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Production Of Probiotic Mozzarella Cheese By Incorporating Locally Isolated Lactobacillus Acidophilus

Hamid Mukhtar, Saima Yaqub, Ikram ul Haq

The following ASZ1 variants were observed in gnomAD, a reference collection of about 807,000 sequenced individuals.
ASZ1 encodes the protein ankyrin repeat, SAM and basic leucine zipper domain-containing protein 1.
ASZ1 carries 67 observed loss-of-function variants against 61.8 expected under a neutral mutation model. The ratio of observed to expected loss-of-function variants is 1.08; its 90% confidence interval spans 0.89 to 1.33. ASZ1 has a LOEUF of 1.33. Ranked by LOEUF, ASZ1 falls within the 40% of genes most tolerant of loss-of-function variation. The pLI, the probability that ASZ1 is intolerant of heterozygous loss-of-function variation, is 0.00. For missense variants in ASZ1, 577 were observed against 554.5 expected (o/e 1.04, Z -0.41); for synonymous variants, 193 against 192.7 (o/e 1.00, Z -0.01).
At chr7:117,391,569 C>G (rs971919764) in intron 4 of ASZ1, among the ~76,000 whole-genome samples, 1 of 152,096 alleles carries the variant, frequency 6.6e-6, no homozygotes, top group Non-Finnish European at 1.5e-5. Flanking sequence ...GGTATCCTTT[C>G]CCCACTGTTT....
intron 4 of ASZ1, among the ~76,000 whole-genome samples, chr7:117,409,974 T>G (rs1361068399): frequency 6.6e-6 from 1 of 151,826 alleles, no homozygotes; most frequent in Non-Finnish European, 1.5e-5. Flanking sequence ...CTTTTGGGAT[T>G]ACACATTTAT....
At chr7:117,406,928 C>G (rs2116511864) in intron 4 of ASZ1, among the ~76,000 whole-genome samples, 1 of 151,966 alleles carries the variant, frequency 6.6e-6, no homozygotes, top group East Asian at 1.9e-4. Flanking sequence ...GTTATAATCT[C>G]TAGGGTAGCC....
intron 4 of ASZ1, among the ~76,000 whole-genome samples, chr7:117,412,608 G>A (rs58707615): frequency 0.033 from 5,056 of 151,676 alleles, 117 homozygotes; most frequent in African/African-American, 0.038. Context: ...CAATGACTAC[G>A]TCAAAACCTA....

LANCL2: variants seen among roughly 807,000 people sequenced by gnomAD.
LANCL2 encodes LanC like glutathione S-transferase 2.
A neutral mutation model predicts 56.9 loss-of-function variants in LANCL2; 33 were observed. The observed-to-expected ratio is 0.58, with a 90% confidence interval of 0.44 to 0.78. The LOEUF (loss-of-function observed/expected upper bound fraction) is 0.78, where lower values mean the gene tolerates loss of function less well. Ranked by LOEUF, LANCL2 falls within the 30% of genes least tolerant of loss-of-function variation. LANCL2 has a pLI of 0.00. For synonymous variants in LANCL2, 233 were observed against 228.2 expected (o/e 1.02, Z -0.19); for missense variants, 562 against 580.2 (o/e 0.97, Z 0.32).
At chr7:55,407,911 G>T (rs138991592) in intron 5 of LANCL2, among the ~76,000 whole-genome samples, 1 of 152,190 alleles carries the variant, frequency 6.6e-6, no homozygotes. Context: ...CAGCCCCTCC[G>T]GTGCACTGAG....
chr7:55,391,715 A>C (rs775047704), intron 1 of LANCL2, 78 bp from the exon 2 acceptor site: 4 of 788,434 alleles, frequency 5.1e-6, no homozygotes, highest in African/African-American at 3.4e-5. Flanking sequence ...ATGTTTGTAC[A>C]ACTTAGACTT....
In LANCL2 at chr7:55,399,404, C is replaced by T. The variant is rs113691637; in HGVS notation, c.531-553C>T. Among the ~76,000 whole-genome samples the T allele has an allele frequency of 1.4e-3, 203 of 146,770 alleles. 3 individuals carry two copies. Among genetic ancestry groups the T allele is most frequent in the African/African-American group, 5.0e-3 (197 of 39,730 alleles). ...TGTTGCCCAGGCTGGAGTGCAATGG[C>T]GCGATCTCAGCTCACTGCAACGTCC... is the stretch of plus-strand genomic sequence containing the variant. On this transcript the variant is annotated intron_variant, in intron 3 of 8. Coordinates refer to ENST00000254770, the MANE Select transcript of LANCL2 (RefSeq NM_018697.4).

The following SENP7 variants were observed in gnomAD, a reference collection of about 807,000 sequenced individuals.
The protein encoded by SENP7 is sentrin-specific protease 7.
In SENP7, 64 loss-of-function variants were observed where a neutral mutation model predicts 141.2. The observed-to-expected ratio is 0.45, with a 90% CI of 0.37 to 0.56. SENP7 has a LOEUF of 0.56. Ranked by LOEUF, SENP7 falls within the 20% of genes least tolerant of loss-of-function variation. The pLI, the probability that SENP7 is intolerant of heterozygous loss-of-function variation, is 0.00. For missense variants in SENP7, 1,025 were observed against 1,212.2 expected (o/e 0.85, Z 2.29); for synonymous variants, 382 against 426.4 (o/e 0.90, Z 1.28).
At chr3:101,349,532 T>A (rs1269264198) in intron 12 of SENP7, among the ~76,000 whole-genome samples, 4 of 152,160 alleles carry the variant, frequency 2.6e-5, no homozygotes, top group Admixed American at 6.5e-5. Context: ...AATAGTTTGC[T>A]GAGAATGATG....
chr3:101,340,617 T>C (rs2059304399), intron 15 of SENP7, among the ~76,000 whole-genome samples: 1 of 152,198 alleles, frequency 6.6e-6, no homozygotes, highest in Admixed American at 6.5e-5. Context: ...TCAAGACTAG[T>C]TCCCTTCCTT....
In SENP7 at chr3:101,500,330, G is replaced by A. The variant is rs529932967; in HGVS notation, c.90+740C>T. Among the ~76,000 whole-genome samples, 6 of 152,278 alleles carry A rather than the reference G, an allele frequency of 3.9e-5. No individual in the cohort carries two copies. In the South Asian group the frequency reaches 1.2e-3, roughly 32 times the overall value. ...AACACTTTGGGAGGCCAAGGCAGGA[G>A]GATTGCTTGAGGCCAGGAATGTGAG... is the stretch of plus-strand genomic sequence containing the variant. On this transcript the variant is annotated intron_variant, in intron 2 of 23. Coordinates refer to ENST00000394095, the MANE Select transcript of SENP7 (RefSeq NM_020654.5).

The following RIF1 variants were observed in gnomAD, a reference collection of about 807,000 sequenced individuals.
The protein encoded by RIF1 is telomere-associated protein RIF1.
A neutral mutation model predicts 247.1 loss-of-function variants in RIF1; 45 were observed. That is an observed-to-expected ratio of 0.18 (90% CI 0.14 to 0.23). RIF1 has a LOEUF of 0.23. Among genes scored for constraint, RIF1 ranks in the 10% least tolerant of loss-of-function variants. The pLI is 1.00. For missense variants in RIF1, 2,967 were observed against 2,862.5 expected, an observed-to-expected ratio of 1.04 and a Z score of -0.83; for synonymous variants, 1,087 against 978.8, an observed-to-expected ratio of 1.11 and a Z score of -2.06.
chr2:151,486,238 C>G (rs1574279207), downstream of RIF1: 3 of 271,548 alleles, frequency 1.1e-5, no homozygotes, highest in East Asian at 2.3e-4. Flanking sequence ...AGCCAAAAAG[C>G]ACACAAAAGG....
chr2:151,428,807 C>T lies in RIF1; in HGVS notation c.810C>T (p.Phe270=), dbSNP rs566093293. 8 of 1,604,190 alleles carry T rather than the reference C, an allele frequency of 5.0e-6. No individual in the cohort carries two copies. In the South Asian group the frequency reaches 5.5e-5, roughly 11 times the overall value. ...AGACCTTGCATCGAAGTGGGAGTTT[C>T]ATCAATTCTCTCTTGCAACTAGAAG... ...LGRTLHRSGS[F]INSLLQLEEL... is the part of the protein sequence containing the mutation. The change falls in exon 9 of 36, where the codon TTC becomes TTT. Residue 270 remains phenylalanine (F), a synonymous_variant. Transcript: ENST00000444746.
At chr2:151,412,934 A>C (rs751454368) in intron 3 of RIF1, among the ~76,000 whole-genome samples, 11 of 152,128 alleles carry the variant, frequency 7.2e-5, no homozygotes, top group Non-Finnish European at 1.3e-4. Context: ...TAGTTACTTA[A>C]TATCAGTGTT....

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Abstract Purpose The present study was conducted to isolate and screen the potential probiotic strains for incorporation in Mozzarella cheese. Methods Probiotic cultures were isolated from different randomly purchased yogurt samples and were identified as Lactobacillus sp., Bifidobacteria sp., and Pediococcus sp. after morphological and biochemical characterization. Heat tolerance of isolates was tested at 55 °C and 65 °C to determine the survival of isolates in conditions similar to commercial cheese production. Lactobacillus acidophilus (S2) showed remarkable heat tolerance among all strains and was therefore selected to assess the probiotic potential. It showed good survival at acidic pH values (2–3). Moreover, it also showed > 50% tolerance to bile salt and was resistant to antibiotics, chloramphenicol, tetracycline, gentamycin, and vancomycin and also exhibited anti-microbial activity against Salmonella typhimurium, Escherichia coli, and Staphylococcus aureus. Thus, heat-tolerant Lactobacillus acidophilus (S2) isolate was an ideal strain for incorporation in Mozzarella cheese as probiotics. Three types of cheeses viz., cheese A with free cells of Lactobacillus acidophilus (S2), cheese B with encapsulated cells of Lactobacillus acidophilus (S2), and control cheese having no probiotics, were made. Result Microbiological analysis of prepared cheese revealed lesser loss of Lactobacillus acidophilus (S2) from encapsulated form (3.41 × 108 CFU/mL) compared to free cells of Lactobacillus acidophilus (S2) (1.10 × 107 CFU/mL). Coliforms were observed in control cheese after 10 days of storage, whereas no coliforms were observed in cheese A and cheese B even after 15 days of storage. Organoleptic properties of cheese A and cheese B were almost the same with an acceptability score of 2.7 ± 0.1 and 2.65 ± 0.1, respectively. Control cheese got the lowest scores after 15 days of storage. Conclusion The addition of probiotics in cheese not only prolongs the shelf-life of cheese but also increases the organoleptic properties of the cheese, making cheese a good delivery system for probiotics.